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Symbols of the Harvest: Old Testament Holy Days and the Lord’s Ministry

TitleSymbols of the Harvest: Old Testament Holy Days and the Lord’s Ministry
Publication TypeMagazine Article
Year of Publication1975
AuthorsRead, Lenet Hadley
Issue Number1
Date PublishedJanuary 1975
KeywordsDay of Atonement; Day of Pentecost; Feast of Weeks; Holy Days; Law of Moses; Passover; Resurrection; Rosh Hashanah; Scripture Study; Symbolism; Yom Kippur

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Symbols of the Harvest: Old Testament Holy Days and the Lord’s Ministry

By Lenet H. Read

Editor’s Note: This is an interesting approach to Old Testament scholarship which the editors thought Latter-day Saints might want to read.

“Behold, my soul delighteth in proving unto my people the truth of the coming of Christ; for, for this end hath the law of Moses been given; and all things which have been given of God from the beginning of the world, unto man, are the typifying of him.” (2 Ne. 11:4.)

Although we tend to study the Old and New Testaments separately, doing so deprives us of much of their richest meaning. To what extent the New Testament is a fulfillment of the Old Testament is not completely known. But there are students of the Bible from all periods who have seen fascinating parallels in Old and New Testament events.

Among the most interesting parallels are those found in the holy days of ancient Israel and the dramatic events pertinent to Christianity. So strong are the parallels, there is good evidence that the ancient holy days were prophetic of events fulfilled by Christ.

It is important to remember that the ancient holy days were specifically established by God (see Lev. 23), and their observance was part of the Mosaic Law. In addition to the Sabbath, ancient Israelites were to consider holy the periods later known as Passover, the Omer, the Feast of Weeks, the Feast of Trumpets, the Day of Atonement, and the Feast of Tabernacles.

These holy days appear to have meaning on three levels. First, each commemorated special events in God’s dealings with ancient Israel. Second, and very significantly, each falls at a major period of harvest and is closely related to the harvest. Third, each teaches of events in the ministry of the Savior. In fact, the Jews themselves believed these holy periods had prophetic implications of the Messiah. (See Robert W. Fraser, Moriah: or Sketches of the Sacred Rites of Ancient Israel, Philadelphia, Presbyterian Board of Publication, p. 227.)

The observance of Passover was instituted to commemorate the time when destruction passed by those Israelites whose door was marked with the blood of a lamb and Israel was freed from bondage. Prophetically, each Passover lamb had to be a young male, firstborn, without blemish, slain at a specified time of day and month, unbroken in bone, roasted with fire, eaten with bitter herbs, and ultimately consumed so that nothing remained. There are those who see every detail fulfilled, believing these commandments were not whimsical, but purposeful.

Christ was the Son, Firstborn, spotless above all. He was slain at the prophesied time, possibly the same hours when the traditional Passover lambs were being slain at the temple in Jerusalem. Bitterness surrounded every aspect of his death—the crown of thorns, the mocking, the vinegar given when he thirsted. His bones were not broken, though those of the thieves who hung with him were. As in the Passover, through the shedding of blood, death was overcome and men were freed from bondage. Even the command, “And ye shall let nothing of it remain …” (Ex. 12:10) seems to have meaning. Christ’s body was placed within the tomb. Those who loved him fully expected that it would remain there. Yet a great and marvelous miracle occurred, and when the tomb was opened, “nothing remained.”

There is good reason to believe that the commandments regarding unleavened bread also foreshadowed Christ. Israelites were commanded to eat unleavened bread for seven days at Passover time. Indeed, they were to remove from their houses every bit of leavening. When so many other aspects attached to Passover had prophetic implications, was this one without significance?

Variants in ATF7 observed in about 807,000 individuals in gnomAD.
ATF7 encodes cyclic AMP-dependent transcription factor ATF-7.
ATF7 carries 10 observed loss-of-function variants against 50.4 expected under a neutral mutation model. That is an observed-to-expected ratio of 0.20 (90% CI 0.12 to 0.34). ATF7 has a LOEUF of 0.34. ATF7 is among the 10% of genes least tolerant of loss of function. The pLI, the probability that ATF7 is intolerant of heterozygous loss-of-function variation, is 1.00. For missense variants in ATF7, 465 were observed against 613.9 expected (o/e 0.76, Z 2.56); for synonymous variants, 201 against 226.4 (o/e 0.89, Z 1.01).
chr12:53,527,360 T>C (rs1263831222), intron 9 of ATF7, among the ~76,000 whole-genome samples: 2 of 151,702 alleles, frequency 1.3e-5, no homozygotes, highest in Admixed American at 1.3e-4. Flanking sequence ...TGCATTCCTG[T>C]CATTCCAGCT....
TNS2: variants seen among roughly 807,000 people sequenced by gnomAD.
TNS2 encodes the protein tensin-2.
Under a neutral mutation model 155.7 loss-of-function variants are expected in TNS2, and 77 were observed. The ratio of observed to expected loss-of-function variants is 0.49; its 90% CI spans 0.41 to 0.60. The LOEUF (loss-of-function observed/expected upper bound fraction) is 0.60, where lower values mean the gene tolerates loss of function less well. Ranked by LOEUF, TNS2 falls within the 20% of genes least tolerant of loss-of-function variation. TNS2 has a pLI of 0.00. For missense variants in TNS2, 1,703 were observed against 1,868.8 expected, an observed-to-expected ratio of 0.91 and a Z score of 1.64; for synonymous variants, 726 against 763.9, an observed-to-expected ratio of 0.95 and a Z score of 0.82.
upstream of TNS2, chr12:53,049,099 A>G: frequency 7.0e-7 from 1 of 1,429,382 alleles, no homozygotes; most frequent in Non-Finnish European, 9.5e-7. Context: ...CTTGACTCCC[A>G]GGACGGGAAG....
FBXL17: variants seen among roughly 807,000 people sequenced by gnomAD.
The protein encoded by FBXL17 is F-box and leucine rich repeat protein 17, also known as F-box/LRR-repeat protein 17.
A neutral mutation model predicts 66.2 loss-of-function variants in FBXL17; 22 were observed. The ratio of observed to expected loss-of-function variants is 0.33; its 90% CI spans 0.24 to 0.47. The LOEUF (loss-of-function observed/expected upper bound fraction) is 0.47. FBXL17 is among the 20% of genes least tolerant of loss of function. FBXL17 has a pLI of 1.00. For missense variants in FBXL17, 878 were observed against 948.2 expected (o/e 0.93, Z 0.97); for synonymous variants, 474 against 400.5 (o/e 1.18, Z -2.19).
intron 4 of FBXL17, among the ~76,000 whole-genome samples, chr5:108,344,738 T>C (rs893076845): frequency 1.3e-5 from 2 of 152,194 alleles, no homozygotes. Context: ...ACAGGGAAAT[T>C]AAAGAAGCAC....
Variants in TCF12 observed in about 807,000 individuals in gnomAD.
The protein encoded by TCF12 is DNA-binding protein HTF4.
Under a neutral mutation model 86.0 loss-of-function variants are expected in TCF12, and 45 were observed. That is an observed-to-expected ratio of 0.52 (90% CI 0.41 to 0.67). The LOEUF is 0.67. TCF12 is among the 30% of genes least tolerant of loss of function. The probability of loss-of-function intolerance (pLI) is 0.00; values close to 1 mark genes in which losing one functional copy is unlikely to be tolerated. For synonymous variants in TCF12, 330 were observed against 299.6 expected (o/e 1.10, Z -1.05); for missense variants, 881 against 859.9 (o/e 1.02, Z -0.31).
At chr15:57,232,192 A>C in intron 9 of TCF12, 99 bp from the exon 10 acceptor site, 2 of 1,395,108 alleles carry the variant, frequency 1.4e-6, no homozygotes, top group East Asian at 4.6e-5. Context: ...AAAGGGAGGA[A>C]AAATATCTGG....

Our only clue may be Christ’s use of pure leaven as a symbol. He likened the kingdom of God to leaven hid by a woman in three measures of meal, which then leavened the whole. In this parable Christ taught of himself, as he did in most parables. He is the true leavening agent who was “hid” in the world, and through his power to lift himself, or be resurrected, he “lifted” up or “leavened” the whole.

This understanding gives beautiful meaning to the puzzling aspects of the Feast of Unleavened Bread. The imagery of Israel casting out and destroying all leaven from their houses at the time the Passover lamb is slain seems to be subtle witness that the majority of Judah would cast out the one who had the power to “lift them up.”

The need to eat unleavened bread, “the bread of affliction,” for seven days, coincides with fulfilled prophecy that the Jews would know a long period of affliction after Christ’s death until Christ would make a second effort to redeem them. “… And Jerusalem shall be trodden down of the Gentiles, until the times of the Gentiles be fulfilled.” (Luke 21:24.) Christ himself used the image of a house made void of that which is essential to its well-being when he said so poignantly before his death:

“Behold, your house is left unto you desolate.

“For, I say unto you, Ye shall not see me henceforth, till ye shall say, Blessed is he that cometh in the name of the Lord.” (Matt. 23:38–39.) Israel’s affliction and desolation were now a surety, for it was the eve of the time they would cast from them their true leaven.

As the lamb of the Passover and unleavened bread witnessed of the death of Christ, the offering of the Omer, or the firstfruits of barley, taught of his resurrection. Its beginnings were again by command of God:

“And the Lord spake unto Moses, saying,

“Speak unto the children of Israel, and say unto them, When ye be come into the land which I give unto you, and shall reap the harvest thereof, then ye shall bring a sheaf of the firstfruits of your harvest unto the priest:

“And he shall wave the sheaf before the Lord, to be accepted for you: on the morrow after the sabbath the priest shall wave it.” (Lev. 23:9–11.)

Through the centuries, in obedience to that commandment, a firstfruits offering was symbolically “lifted up” to the Lord at the time of the harvest of the first winter grains, which was also at the time of Passover. The appointed time was not on the usual holy day of the Sabbath, however, but on “the morrow after the sabbath,” a day which seemingly would have little significance to the Israelites.